State Sen. Tony Hwang said he will stop using the logos of two after learning about complaints made against him by two nonprofits.
Cathy Curley, vice chairman of the Fairfield Democratic Town Committee, issued a press release last week stating that Hwang has committed copyright infringement.
Curley wrote that copyrighted materials such as logos and graphics from Ben’s Bells and Hate Has No Home Here Project have been found on Hwang’s campaign materials, “including on yard signs, T-shirts, and digital advertisements.”
“Because endorsement or support of any political candidate is not permitted by 501(c)(3) organizations, Senator Hwang’s actions could put the tax-exempt status of Ben’s Bells, a 501(c)(3) organization, at risk,” the release said.
Hwang, a Fairfield resident, is running for re-election in the 28th Senate District, which is made up of Fairfield, Easton, Newtown and parts of Weston and Westport. He has been a state senator since 2014. A Republican, he is being challenged by Democrat Michele Lapine McCabe.
According to the Fairfield DTC release, the Hate Has No Home Here Project notified Hwang’s campaign “via email message that this use falls outside our guidelines, and asked the campaign to address it at their earliest opportunity.”
In the release, Steve Sheinberg, chairman of the Fairfield Democratic Town Committee, said Hwang’s action “calls into serious question [his] judgment and his ethics as well. 501(c)(3) organizations are absolutely prohibited from participating in political campaigns, or even indirectly endorsing candidates for public office.”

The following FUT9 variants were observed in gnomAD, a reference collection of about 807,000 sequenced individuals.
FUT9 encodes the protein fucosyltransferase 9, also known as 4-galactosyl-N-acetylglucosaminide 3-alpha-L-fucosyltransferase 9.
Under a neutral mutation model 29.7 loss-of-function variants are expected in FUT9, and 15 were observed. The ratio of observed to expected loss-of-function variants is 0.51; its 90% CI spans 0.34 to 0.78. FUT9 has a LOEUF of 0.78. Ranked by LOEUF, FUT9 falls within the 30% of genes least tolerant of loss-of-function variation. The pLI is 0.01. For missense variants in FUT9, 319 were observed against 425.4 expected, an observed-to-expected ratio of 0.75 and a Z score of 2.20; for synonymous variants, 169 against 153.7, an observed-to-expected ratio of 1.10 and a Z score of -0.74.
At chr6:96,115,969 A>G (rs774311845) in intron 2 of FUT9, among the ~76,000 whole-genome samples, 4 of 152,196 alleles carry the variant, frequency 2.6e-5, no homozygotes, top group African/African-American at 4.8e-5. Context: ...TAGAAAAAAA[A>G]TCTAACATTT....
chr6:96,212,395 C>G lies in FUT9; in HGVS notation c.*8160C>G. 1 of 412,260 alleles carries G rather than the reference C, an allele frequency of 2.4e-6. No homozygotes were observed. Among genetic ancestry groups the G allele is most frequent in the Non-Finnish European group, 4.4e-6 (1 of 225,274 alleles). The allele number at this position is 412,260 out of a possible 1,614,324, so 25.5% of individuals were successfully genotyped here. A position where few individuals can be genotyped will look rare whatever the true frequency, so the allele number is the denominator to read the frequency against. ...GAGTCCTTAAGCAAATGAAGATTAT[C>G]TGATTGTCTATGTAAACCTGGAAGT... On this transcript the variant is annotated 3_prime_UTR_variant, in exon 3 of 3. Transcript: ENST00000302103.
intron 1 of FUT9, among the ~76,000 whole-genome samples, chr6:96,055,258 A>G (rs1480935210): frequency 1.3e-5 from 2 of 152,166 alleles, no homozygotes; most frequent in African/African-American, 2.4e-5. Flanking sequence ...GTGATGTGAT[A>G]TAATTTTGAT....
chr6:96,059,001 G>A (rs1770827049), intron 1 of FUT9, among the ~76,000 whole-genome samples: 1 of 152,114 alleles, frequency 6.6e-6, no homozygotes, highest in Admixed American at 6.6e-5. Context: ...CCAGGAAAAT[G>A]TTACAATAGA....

“Senator Hwang’s use of these logos for his benefit could cause an organization to lose their tax exempt status. That is reckless and irresponsible. Furthermore, it is difficult to comprehend how Senator Hwang thought using these logos in his campaign materials was permitted,” the release said.
Hwang responded that “It was not intentional,” and added that the values promoted by both nonprofits are very important to him.
The mission of Ben’s Bells is to inspire, educate, and motivate people to realize the impact of intentional kindness, and to empower individuals to act according to that awareness.
The Hate Has No Home Here project seeks to declare neighborhood residences, businesses, and places of community free from hate speech and behavior.
“I strongly believe in the powerful message and personally inspiring values of Ben’s Bells and Hate Has No Home Here,” he said. “I have been an advocate in past years in promoting and sharing the messages and values of both organizations and will continue to champion their cause into the future.”
Hwang said he “is truly sorry” his actions created “hardship and unkind attention” for the nonprofits.
He has also “respectfully agreed” to no longer use their logo in any future campaign material.
Hwang added he was never notified directly about this matter.
“Unfortunately, it’s the environment that we’re in. The individual could have happily called me and I would have immediately removed it,” he said. “It took a political campaign to cause such a ruckus.”
He said that going forward, he will continue advocating for and believing in the views of both the nonprofits.
He added that in his “positive and affirming exchanges with both organizations,” he has reiterated his “continuous support of their mission and more importantly, practice of their aspirational message.”
“I hope this exchange will raise awareness to visit their websites and inspire, educate, and motivate people to contribute toward being a kinder and more positive difference in our communities,” Hwang said.
He said that “this adversity” reminds him more than ever “that believing in the values of being kind and no hate requires even more resolve to focus on serving the better interests of our community.”